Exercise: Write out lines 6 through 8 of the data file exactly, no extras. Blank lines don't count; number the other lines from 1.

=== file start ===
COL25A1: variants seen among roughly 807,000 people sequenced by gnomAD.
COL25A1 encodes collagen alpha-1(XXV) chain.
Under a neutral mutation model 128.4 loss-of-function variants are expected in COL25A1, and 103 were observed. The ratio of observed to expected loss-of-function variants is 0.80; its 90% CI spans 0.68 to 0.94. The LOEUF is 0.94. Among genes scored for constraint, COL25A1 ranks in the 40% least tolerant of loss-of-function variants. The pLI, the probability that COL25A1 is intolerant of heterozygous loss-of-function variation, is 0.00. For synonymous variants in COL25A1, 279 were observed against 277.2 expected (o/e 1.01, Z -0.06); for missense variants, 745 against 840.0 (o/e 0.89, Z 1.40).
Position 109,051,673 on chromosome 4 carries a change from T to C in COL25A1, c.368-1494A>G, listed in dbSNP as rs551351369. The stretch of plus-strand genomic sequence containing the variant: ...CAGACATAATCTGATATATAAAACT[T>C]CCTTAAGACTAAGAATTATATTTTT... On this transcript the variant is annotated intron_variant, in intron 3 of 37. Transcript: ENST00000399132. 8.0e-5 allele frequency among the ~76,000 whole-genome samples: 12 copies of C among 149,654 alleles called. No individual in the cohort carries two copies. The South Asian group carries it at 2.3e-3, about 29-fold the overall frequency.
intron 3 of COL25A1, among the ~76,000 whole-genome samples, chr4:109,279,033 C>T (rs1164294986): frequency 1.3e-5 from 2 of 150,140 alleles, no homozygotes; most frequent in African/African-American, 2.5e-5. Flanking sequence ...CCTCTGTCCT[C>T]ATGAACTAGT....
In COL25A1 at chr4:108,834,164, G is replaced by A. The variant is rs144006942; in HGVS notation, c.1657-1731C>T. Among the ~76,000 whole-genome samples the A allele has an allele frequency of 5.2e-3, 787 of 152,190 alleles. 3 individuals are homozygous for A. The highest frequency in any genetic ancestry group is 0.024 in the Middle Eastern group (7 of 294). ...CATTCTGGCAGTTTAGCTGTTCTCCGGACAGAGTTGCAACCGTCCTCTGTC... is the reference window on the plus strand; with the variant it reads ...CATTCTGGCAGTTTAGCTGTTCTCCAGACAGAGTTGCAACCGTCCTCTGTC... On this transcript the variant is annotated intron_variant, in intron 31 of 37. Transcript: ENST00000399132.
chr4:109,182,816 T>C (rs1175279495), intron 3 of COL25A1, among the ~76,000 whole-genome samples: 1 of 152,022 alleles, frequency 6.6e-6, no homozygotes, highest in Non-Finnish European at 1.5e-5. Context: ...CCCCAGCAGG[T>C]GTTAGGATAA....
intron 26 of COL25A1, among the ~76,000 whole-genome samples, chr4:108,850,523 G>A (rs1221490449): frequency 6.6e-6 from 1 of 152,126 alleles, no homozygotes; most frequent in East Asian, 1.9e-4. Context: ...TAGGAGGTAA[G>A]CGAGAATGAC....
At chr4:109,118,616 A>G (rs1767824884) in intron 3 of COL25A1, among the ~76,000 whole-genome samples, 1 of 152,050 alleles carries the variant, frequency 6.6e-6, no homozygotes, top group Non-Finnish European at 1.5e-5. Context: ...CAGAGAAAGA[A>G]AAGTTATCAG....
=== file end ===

In COL25A1 at chr4:108,834,164, G is replaced by A. The variant is rs144006942; in HGVS notation, c.1657-1731C>T. Among the ~76,000 whole-genome samples the A allele has an allele frequency of 5.2e-3, 787 of 152,190 alleles. 3 individuals are homozygous for A. The highest frequency in any genetic ancestry group is 0.024 in the Middle Eastern group (7 of 294). ...CATTCTGGCAGTTTAGCTGTTCTCCGGACAGAGTTGCAACCGTCCTCTGTC... is the reference window on the plus strand; with the variant it reads ...CATTCTGGCAGTTTAGCTGTTCTCCAGACAGAGTTGCAACCGTCCTCTGTC... On this transcript the variant is annotated intron_variant, in intron 31 of 37. Transcript: ENST00000399132.
chr4:109,182,816 T>C (rs1175279495), intron 3 of COL25A1, among the ~76,000 whole-genome samples: 1 of 152,022 alleles, frequency 6.6e-6, no homozygotes, highest in Non-Finnish European at 1.5e-5. Context: ...CCCCAGCAGG[T>C]GTTAGGATAA....
intron 26 of COL25A1, among the ~76,000 whole-genome samples, chr4:108,850,523 G>A (rs1221490449): frequency 6.6e-6 from 1 of 152,126 alleles, no homozygotes; most frequent in East Asian, 1.9e-4. Context: ...TAGGAGGTAA[G>A]CGAGAATGAC....